Face of Defense: Cutter Commander Shares Haiti Experience

NEW LONDON, Conn. — U.S. Coast Guard offi­cers are pre­sent­ed with many chal­lenges and oppor­tu­ni­ties. Nor­mal oper­a­tions may quick­ly turn into a life or death mis­sion that chal­lenges their train­ing and expe­ri­ence.
Coast Guard Cmdr. Diane W. Durham became the head of the Pro­fes­sion­al Mar­itime Stud­ies Depart­ment here dur­ing the sum­mer of 2010. She leads 17 mil­i­tary and civil­ian instruc­tors and staff, and over­sees the nau­ti­cal sci­ence train­ing of the more than 1,000 mem­bers of the academy’s corps of cadets.

Coast Guard Academy
Coast Guard Cmdr. Diane W. Durham, head of the Pro­fes­sion­al Mar­itime Stud­ies Depart­ment at the Coast Guard Acad­e­my, instructs sec­ond class cadets dur­ing an exer­cise on a train­ing boat on the Thames Riv­er near New Lon­don, Conn., April 4, 2011.
U.S. Coast Guard pho­to by Pet­ty Offi­cer 2nd Class Tim­o­thy Tamar­go
Click to enlarge

A few months ear­li­er Durham had put her expe­ri­ence to the test as com­man­der of the Coast Guard Cut­ter For­ward. She and her crew were pressed into action in response to a 7.0 mag­ni­tude earth­quake that struck less than 15 miles from Port-au-Prince, Haiti, Jan. 12, 2010. 

The For­ward was on deploy­ment, Durham recalled, and recent­ly had arrived in Guan­tanamo Bay, Cuba, when the earth­quake occurred. 

“The duty sec­tion and off-duty crew onboard were jolt­ed by unusu­al move­ment of the ship and quick­ly gath­ered to respond to an onboard emer­gency,” she said. “We learned that it was an earth­quake, and soon after, we learned of the dev­as­ta­tion in Port-au-Prince. 

“The crew was recalled from var­i­ous points around the base,” Durham con­tin­ued, “and we were under­way by 10 p.m. We made best speed through the night.” 

Durham’s cut­ter was the first U.S. ves­sel to arrive in Haiti for the earth­quake response mission. 

Dur­ing the response, Durham said her crew mem­bers con­duct­ed numer­ous mis­sions, includ­ing search and res­cue, air traf­fic con­trol, port assess­ments, dam­age assess­ment over­flights and med­ical evacuations. 

Durham and her crew were rec­og­nized for their excep­tion­al work dur­ing the response effort. On July 4, 2010, Durham rep­re­sent­ed the Coast Guard at the White House and was com­mend­ed by Pres­i­dent Barack Oba­ma for the Haiti relief efforts. 

“We salute the Unit­ed States Coast Guard, includ­ing a Coast Guards­man who com­mand­ed the first U.S. ves­sel to arrive in Haiti after the earth­quake, help­ing to pave the way for one of the most com­plex human­i­tar­i­an efforts ever attempt­ed, Cmdr. Diane Durham,” Oba­ma said.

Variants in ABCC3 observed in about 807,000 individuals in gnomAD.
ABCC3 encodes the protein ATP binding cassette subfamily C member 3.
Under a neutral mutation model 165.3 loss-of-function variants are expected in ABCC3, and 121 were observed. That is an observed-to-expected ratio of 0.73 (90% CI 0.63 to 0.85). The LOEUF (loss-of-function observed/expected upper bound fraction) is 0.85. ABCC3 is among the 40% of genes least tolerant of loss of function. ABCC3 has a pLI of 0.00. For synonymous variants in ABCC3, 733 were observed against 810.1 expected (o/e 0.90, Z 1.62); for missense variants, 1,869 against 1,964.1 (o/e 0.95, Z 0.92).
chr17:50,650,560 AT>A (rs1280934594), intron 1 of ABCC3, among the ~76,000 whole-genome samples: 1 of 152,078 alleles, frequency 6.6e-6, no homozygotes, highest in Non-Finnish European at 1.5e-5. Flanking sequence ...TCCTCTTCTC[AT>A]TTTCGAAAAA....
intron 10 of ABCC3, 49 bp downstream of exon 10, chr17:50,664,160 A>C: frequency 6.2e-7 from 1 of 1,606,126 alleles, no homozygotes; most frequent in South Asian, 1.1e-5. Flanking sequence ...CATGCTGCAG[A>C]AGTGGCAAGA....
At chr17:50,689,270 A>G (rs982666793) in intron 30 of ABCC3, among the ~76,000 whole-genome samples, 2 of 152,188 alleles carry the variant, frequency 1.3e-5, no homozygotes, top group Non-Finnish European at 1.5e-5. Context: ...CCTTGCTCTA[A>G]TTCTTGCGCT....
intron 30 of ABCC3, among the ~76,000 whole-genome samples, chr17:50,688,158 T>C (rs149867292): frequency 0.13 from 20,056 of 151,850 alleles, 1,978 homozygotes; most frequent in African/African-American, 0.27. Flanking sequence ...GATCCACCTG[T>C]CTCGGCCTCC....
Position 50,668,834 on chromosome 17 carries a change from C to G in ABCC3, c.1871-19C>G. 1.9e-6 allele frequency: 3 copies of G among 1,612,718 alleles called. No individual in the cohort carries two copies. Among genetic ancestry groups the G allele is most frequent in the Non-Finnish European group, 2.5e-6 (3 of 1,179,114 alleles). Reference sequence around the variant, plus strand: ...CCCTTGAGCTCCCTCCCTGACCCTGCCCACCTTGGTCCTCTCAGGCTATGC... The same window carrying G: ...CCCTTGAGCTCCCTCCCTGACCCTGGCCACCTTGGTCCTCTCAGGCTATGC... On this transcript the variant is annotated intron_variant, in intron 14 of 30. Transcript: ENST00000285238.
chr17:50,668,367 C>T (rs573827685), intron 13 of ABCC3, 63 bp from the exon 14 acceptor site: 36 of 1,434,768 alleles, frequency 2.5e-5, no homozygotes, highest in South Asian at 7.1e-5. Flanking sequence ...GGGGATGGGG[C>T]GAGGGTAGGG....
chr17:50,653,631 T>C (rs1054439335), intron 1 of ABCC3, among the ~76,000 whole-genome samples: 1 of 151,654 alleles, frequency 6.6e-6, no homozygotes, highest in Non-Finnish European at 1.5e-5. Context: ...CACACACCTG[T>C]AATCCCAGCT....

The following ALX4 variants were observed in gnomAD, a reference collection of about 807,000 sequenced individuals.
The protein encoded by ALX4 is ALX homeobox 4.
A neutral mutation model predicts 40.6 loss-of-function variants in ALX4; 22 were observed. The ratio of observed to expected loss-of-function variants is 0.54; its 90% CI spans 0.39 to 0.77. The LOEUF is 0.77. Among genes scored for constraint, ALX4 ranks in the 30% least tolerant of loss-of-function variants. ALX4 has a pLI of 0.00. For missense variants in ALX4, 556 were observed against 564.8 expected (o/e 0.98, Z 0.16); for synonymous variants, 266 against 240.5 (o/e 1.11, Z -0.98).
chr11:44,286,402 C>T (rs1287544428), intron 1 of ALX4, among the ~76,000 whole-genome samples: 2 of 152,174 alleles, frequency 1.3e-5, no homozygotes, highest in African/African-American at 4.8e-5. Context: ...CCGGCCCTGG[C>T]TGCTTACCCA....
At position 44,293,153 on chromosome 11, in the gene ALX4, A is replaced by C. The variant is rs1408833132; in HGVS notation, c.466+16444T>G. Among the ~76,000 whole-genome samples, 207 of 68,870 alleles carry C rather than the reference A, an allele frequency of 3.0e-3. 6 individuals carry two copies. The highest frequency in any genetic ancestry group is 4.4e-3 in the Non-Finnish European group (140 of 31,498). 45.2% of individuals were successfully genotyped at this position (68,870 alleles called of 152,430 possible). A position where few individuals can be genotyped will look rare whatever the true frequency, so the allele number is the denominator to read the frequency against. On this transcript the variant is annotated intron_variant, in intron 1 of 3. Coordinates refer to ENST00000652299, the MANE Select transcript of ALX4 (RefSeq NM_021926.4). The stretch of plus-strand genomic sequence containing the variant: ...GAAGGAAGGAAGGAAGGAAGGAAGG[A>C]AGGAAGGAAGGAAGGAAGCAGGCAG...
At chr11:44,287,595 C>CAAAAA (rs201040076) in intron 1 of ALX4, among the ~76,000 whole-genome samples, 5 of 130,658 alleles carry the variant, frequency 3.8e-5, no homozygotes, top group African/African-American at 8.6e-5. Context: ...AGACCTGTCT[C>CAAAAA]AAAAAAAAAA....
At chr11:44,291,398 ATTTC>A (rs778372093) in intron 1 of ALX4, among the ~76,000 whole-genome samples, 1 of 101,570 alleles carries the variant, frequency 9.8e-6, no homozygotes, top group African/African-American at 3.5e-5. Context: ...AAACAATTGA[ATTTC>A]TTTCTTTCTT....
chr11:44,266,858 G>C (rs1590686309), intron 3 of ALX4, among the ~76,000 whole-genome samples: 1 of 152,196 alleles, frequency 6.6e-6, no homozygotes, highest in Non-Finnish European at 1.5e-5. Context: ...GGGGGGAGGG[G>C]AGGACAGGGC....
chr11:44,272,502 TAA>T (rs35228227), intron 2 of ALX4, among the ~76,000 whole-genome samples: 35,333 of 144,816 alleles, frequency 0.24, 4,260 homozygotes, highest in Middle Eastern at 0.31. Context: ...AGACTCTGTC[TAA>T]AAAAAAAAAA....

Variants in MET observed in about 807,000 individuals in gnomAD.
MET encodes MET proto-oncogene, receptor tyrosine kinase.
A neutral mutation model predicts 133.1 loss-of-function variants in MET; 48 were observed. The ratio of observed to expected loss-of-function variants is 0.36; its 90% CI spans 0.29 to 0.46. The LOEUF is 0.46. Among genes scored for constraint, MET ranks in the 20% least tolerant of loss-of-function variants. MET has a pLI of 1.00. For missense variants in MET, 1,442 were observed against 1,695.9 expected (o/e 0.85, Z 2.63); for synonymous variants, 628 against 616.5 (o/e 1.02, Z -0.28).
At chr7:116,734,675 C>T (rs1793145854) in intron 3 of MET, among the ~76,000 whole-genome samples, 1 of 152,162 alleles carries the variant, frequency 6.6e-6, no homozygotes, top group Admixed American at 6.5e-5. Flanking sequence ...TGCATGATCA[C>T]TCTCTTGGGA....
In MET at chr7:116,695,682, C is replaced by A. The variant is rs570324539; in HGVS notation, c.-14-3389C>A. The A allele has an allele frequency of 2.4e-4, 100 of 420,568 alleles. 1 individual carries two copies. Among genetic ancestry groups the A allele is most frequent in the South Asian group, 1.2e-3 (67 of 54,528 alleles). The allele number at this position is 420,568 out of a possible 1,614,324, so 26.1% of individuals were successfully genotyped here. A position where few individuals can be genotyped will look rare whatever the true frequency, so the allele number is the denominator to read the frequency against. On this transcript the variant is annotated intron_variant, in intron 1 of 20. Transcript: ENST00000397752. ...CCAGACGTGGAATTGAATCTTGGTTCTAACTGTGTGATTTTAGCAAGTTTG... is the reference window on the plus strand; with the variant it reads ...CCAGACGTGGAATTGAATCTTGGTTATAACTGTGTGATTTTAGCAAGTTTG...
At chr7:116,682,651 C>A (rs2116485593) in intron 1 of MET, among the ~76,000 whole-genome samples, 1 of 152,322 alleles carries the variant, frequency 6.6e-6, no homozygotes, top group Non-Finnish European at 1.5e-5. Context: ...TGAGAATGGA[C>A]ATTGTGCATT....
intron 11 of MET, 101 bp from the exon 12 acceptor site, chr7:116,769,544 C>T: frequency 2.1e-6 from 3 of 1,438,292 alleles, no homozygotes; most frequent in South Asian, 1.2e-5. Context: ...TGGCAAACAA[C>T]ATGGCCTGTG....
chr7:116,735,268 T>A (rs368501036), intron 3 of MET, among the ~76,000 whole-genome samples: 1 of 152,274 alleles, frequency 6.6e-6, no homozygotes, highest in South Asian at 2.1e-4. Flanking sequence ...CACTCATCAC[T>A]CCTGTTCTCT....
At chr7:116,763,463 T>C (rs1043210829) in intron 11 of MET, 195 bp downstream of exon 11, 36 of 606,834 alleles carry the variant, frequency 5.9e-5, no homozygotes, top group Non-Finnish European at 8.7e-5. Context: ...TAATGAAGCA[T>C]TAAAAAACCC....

At the height of the response in mid-Jan­u­ary, the Coast Guard had up to eight cut­ters in Haiti’s ports, in the Caribbean and in Flori­da waters. Air assets includ­ed a HC-144A Ocean Sen­try air­craft, five HC-130 Her­cules air­craft, three MH-65 Dol­phin heli­copters and three MH-60 Jay­hawk heli­copters oper­at­ing in Haiti with more than 800 Coast Guard mem­bers pro­vid­ing assis­tance on shore, afloat on the cut­ters and in the air. 

Durham said she empha­sized an open and hon­est com­mand cli­mate built on trust and communication. 

“Being on a cut­ter requires peo­ple to embody the term ship­mate,” she said. “You live togeth­er, work togeth­er, strug­gle togeth­er and suc­ceed togeth­er for long peri­ods of time. You become a family.” 

This com­mand cli­mate direct­ly impact­ed Durham’s crew. 

“Com­man­der Durham is very ded­i­cat­ed to the over­all mis­sion of the Coast Guard. I have sought after her coun­cil for stress­ful sit­u­a­tions on sev­er­al occa­sions,” said Senior Chief Pet­ty Offi­cer Nicole Rose, the com­mand chief on the For­ward. “What makes a good leader is look­ing out after your peo­ple, ded­i­ca­tion, moti­va­tion, com­pas­sion and the abil­i­ty to expert­ly han­dle dif­fi­cult sit­u­a­tions. This is a tal­ent too few have and many more need.” 

Durham has served more than nine years at sea dur­ing her 21-year career on the Coast Guard cut­ters Rush, Deci­sive, Res­olute, Tam­pa and For­ward. Durham said she now brings her knowl­edge and expe­ri­ence from the fleet into the class­room to train and teach cadets, offi­cer can­di­dates, prospec­tive com­mand­ing offi­cers and exec­u­tive officers. 

“It’s impor­tant to have offi­cers from the fleet as instruc­tors because they know what is expect­ed of junior offi­cers in their first tours and what will help us achieve suc­cess when we enter the work­force,” said First Class Cadet Aman­da Cousart, a marine and envi­ron­men­tal sci­ence major at the acad­e­my. “Teach­ing cadets and oth­er Coast Guard per­son­nel is a way to make sure all of the infor­ma­tion Com­man­der Durham has learned is passed on so future offi­cers can make the Coast Guard thrive.” 

First Class Cadet Dana Pre­fer echoed Cousart’s sentiments. 

“I think that Com­man­der Durham is a wealth of knowl­edge because she has done almost every­thing you can do in the afloat com­mu­ni­ty,” Pre­fer said. “When she told us about her past jobs, I was very impressed that she held that many com­mand posi­tions and high­ly-sought-after billets. 

I believe that due to her diverse career path,” Pre­fer added, “she is able to get through to her stu­dents effec­tive­ly, and I see her as a very good mod­el of what a leader should be.” 

U.S. Depart­ment of Defense
Office of the Assis­tant Sec­re­tary of Defense (Pub­lic Affairs) 

Face­book and/or on Twit­ter

Team GlobDef

Seit 2001 ist GlobalDefence.net im Internet unterwegs, um mit eigenen Analysen, interessanten Kooperationen und umfassenden Informationen für einen spannenden Überblick der Weltlage zu sorgen. GlobalDefence.net war dabei die erste deutschsprachige Internetseite, die mit dem Schwerpunkt Sicherheitspolitik außerhalb von Hochschulen oder Instituten aufgetreten ist.

Alle Beiträge ansehen von Team GlobDef →